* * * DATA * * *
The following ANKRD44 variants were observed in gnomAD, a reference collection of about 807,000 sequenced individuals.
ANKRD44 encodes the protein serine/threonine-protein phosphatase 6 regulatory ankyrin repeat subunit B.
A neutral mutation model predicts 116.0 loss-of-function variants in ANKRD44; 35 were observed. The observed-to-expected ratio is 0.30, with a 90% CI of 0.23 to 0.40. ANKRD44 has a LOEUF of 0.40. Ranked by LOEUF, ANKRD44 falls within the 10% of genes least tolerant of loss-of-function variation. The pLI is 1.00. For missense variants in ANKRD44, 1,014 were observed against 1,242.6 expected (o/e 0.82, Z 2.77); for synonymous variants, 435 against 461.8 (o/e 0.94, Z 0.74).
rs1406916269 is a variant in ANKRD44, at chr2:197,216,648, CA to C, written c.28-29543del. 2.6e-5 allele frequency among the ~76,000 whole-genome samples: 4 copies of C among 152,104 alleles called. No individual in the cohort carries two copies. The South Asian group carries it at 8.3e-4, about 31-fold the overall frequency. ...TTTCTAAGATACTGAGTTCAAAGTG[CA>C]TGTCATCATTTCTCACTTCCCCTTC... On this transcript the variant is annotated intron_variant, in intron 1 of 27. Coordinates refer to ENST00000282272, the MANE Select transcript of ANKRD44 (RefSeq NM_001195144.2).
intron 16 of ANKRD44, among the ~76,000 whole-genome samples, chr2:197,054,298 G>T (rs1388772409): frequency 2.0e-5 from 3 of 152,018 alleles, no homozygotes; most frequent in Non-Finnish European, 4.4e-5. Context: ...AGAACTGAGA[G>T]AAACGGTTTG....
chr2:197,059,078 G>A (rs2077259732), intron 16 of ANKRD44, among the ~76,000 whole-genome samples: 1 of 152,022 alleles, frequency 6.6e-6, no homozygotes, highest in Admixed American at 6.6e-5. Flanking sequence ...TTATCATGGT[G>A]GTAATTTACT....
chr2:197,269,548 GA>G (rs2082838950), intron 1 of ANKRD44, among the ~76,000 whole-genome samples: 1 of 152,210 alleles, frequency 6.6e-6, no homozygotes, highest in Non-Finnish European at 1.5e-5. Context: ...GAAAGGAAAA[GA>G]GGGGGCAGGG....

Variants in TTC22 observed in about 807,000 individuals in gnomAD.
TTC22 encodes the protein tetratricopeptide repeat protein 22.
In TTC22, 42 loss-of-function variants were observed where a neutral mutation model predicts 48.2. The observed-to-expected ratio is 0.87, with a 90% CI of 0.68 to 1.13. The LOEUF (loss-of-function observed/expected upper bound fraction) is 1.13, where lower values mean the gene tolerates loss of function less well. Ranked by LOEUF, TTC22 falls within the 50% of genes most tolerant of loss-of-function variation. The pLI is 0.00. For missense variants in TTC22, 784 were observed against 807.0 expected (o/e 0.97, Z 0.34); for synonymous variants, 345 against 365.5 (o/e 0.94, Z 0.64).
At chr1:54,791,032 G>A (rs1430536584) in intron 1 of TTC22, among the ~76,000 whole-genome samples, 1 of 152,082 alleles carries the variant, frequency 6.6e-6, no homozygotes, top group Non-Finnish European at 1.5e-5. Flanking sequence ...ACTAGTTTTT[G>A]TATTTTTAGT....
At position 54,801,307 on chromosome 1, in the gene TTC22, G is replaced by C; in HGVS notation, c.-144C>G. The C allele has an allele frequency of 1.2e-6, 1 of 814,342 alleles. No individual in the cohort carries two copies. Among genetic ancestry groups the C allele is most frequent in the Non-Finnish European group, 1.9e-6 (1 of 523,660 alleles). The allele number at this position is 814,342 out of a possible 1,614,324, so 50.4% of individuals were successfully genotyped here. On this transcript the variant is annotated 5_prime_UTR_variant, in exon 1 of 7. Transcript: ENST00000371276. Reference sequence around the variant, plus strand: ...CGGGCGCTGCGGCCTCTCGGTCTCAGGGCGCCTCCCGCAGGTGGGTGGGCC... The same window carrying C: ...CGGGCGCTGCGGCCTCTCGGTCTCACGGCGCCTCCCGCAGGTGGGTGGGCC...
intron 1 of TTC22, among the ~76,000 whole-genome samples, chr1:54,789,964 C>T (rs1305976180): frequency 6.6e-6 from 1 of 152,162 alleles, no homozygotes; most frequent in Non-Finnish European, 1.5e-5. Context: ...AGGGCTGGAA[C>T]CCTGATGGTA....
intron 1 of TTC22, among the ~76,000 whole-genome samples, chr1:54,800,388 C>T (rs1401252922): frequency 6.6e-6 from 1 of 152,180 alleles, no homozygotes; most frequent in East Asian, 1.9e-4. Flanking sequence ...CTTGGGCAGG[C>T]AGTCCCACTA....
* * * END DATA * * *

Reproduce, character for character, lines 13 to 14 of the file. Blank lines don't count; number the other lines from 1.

intron 1 of TTC22, among the ~76,000 whole-genome samples, chr1:54,789,964 C>T (rs1305976180): frequency 6.6e-6 from 1 of 152,162 alleles, no homozygotes; most frequent in Non-Finnish European, 1.5e-5. Context: ...AGGGCTGGAA[C>T]CCTGATGGTA....
intron 1 of TTC22, among the ~76,000 whole-genome samples, chr1:54,800,388 C>T (rs1401252922): frequency 6.6e-6 from 1 of 152,180 alleles, no homozygotes; most frequent in East Asian, 1.9e-4. Flanking sequence ...CTTGGGCAGG[C>T]AGTCCCACTA....